SCOTx re-enables statewide abortion ban


The Texas Supreme Court has blocked a lower court order that had allowed clinics in the state to continue performing abortions even after the U.S. Supreme Court overturned it’s landmark 1973 ruling that confirmed a constitutional right to abortion.

It was not immediately clear whether the clinics in Texas that resumed performing abortions just days ago would halt services again following the ruling late Friday night. A hearing is scheduled for later this month.

The whiplash of Texas clinics turning away patients, rescheduling them, and now potentially canceling appointments again — all in the span of a week — illustrates the confusion and scrambling that has taken place across the country since Roe v. Wade was overturned.

An order by a Houston judge on Tuesday had reassured some clinics they could temporarily resume abortions up to six weeks into pregnancy. Texas Attorney General Ken Paxton quickly asked the state’s highest court, which is stocked with nine Republican justices, to temporarily put that order on hold.

“These laws are confusing, unnecessary, and cruel,” said Marc Hearron, attorney for the Center for Reproductive Rights, after the order was issued Friday night.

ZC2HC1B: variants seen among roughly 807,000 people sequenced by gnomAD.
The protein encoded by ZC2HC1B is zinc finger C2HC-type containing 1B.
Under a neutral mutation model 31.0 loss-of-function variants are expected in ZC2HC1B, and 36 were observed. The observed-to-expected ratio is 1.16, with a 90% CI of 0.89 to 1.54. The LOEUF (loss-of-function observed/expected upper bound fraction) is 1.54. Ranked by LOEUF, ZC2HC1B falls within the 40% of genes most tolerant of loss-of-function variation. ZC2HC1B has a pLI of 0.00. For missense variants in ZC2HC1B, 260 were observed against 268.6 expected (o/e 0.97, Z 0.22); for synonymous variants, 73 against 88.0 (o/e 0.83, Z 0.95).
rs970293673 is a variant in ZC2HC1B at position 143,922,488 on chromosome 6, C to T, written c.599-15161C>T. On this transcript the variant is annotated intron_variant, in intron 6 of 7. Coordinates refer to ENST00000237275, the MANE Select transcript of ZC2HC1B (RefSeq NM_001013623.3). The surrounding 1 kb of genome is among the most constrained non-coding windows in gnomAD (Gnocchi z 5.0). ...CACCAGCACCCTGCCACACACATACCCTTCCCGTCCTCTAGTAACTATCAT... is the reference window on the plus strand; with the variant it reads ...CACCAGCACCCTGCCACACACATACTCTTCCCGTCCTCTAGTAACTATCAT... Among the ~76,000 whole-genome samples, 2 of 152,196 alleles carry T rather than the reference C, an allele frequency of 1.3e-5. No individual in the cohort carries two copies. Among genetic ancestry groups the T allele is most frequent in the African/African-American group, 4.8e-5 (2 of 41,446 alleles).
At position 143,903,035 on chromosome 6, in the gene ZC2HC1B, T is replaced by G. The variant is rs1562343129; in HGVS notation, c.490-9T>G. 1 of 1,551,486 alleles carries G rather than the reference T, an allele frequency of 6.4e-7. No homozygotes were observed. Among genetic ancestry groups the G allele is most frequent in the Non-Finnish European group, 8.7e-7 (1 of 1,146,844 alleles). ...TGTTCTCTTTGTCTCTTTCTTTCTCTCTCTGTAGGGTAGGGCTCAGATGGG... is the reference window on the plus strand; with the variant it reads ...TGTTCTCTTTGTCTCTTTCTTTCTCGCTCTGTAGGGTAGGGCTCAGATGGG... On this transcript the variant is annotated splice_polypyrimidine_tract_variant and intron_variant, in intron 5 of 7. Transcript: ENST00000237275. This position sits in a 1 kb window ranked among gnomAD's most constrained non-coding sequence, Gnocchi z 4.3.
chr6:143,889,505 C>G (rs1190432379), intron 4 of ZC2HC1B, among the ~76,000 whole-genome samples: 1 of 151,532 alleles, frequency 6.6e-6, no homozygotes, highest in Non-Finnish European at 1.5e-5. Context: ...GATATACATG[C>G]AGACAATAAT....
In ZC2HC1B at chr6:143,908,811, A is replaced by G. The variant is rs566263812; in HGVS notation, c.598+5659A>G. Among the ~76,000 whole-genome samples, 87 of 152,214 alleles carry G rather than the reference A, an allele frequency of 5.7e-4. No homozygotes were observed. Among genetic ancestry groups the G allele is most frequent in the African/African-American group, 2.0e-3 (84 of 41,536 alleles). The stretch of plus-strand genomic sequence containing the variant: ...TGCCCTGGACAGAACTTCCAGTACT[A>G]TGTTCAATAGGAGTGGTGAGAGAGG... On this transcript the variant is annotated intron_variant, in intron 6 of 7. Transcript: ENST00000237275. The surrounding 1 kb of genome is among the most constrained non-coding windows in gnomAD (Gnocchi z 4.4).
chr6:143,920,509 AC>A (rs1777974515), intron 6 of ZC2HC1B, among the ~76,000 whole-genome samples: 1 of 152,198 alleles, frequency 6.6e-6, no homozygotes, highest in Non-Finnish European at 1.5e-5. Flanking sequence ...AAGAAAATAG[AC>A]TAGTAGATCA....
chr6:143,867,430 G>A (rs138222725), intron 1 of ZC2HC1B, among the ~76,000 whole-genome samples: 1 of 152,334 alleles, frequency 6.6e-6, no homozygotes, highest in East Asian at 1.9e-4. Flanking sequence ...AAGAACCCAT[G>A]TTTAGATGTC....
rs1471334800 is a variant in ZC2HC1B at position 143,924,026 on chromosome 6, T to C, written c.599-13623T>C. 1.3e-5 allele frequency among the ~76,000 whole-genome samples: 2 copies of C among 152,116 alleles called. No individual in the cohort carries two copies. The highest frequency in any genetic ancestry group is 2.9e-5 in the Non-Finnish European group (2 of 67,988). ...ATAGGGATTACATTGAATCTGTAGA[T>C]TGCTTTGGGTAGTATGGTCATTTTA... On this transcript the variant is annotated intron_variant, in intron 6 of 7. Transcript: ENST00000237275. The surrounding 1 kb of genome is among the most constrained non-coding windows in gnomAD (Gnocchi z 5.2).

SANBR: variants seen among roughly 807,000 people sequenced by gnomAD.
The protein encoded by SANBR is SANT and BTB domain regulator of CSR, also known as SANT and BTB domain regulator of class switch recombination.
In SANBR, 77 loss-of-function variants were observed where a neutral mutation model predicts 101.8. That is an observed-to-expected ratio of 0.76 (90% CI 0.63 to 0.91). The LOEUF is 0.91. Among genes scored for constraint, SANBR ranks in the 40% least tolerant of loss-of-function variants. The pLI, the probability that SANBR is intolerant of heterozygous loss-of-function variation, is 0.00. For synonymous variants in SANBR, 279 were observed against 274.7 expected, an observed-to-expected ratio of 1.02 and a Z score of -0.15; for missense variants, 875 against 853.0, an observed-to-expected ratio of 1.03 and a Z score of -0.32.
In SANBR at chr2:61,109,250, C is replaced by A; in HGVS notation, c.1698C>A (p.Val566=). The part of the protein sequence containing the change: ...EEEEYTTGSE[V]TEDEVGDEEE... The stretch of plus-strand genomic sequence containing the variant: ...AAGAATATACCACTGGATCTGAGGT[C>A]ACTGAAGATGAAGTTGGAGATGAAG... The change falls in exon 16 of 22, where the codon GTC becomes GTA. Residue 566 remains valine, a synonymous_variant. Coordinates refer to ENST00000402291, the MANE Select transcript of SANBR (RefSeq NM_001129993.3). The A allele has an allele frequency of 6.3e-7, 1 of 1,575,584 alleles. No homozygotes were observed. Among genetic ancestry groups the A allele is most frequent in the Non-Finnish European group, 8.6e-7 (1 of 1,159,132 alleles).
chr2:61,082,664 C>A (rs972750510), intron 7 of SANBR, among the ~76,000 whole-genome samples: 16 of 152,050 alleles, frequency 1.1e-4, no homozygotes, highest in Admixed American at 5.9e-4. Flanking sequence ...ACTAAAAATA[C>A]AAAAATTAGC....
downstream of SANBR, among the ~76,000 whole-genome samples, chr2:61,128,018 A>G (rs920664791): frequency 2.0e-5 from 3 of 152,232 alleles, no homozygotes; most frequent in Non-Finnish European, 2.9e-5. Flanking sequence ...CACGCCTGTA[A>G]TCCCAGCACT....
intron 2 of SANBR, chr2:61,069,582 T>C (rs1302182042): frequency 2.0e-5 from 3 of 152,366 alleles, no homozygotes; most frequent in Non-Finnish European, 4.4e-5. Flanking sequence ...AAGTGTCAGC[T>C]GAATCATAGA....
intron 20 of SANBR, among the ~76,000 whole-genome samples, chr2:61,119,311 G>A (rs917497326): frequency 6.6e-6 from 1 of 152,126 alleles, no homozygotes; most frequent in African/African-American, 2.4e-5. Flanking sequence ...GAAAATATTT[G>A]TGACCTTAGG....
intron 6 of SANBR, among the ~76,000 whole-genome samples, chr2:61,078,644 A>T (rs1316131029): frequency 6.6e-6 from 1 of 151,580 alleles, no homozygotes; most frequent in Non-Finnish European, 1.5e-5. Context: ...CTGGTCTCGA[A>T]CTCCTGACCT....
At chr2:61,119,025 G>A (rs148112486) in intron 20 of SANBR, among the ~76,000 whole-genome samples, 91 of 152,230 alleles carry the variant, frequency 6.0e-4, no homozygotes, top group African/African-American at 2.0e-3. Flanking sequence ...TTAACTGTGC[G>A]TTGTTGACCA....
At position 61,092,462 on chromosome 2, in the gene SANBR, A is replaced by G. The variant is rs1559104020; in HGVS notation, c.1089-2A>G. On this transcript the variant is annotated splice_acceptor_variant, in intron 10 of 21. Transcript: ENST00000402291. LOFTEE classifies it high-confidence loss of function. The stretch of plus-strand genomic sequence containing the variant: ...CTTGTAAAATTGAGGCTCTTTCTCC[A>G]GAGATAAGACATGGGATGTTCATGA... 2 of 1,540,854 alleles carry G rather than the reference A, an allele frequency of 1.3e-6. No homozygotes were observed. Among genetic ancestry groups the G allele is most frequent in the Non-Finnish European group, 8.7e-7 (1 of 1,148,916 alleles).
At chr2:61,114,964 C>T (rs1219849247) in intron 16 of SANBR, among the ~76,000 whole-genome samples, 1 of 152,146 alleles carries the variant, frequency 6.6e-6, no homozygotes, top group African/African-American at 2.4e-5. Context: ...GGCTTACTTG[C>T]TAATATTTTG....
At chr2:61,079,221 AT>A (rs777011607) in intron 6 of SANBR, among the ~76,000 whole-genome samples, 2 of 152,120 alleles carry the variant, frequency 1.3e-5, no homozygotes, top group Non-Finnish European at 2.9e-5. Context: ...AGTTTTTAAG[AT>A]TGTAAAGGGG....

Clinics in Texas — a state of nearly 30 million people — stopped performing abortions after the U.S. Supreme Court last week overturned Roe v. Wade. Texas had left an abortion ban on the books for the past 50 years while Roe was in place.

Attorneys for Texas clinics provided a copy of Friday’s order, which was not immediately available on the court’s website.

See here and here for the background; Steve Vladeck provides a bit more context. You can see a summary of the order (order 22-0527) here. The relevant bits:

The parties are directed to submit briefing by 5 p.m. July 7, 2022 regarding whether the 269th District Court of Harris County, Texas, has jurisdiction to enjoin the enforcement of a criminal statute. See State v. Morales, 869 S.W.3d 941 (Tex. 1994). Real parties in interest are requested to respond to relators’ petition for writ of mandamus by 5 p.m. July 11, 2022. This order does not preclude further proceedings in the court of appeals and district court, including proceedings to address the jurisdictional issue described in paragraph 2 above. The Court is confident that those courts will proceed expeditiously.

[Note: The petition for writ of mandamus remains pending before this Court.]

The 269th Civil Court in Harris County, which issued the temporary restraining order that SCOTx has now lifted, has a hearing scheduled for July 12 to determine whether an injunction can be granted. We may get that on the 12th or 13th, and then subsequent rulings from SCOTx shortly thereafter. I assume the writ of mandamus was filed by the Attorney General to supersede all this and just declare that there’s nothing stopping them from enforcing that 1925 law that criminalized abortion. Don’t you just love it when this kind of order drops on the Friday evening of a holiday weekend? Axios, the WaPo, the NYT, and the DMN have more; as of Saturday morning when I drafted this the Trib had not yet published anything and the Chron was carrying this same AP story. Like I said, Friday night, holiday weekend.